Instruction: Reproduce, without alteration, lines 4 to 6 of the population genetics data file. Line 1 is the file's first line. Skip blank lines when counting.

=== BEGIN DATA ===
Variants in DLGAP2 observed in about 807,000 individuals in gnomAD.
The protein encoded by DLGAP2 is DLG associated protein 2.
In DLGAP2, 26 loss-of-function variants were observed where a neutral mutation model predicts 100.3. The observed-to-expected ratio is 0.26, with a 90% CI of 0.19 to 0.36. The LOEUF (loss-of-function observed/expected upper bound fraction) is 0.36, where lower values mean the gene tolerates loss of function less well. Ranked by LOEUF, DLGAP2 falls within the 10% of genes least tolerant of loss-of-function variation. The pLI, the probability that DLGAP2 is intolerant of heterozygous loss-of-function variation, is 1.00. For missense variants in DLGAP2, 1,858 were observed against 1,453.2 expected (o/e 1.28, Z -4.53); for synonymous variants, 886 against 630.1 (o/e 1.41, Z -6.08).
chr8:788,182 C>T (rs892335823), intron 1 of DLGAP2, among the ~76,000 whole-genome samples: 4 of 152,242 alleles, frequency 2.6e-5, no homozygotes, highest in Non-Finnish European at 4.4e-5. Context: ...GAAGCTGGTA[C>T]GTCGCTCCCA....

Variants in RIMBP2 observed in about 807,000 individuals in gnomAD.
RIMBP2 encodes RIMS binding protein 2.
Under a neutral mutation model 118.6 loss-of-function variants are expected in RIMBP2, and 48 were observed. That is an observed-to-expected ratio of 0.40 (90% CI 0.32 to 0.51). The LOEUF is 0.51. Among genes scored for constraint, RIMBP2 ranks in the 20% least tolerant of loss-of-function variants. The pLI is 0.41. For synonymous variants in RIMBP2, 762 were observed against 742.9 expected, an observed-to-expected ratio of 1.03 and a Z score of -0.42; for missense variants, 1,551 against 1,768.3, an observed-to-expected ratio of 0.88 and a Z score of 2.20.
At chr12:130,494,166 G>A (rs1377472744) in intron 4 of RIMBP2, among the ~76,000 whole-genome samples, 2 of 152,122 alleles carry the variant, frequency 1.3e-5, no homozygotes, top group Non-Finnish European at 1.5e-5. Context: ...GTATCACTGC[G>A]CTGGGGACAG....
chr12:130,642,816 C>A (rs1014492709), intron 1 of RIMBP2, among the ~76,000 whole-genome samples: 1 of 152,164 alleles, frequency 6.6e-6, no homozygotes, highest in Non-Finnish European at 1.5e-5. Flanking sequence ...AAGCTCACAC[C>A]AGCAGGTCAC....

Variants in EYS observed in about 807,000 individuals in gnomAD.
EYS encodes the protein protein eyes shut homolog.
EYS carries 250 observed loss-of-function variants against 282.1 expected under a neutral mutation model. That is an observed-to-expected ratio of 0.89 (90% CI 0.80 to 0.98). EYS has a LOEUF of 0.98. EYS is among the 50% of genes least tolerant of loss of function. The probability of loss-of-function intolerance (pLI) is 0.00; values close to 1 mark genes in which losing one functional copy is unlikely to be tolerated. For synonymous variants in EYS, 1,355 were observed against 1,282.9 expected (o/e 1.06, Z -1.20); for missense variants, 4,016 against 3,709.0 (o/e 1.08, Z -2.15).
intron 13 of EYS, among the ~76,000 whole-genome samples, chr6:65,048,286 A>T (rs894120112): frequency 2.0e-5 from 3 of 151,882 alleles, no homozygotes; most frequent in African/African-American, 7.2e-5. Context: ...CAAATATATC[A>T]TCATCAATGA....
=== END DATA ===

chr8:788,182 C>T (rs892335823), intron 1 of DLGAP2, among the ~76,000 whole-genome samples: 4 of 152,242 alleles, frequency 2.6e-5, no homozygotes, highest in Non-Finnish European at 4.4e-5. Context: ...GAAGCTGGTA[C>T]GTCGCTCCCA....

Variants in RIMBP2 observed in about 807,000 individuals in gnomAD.
RIMBP2 encodes RIMS binding protein 2.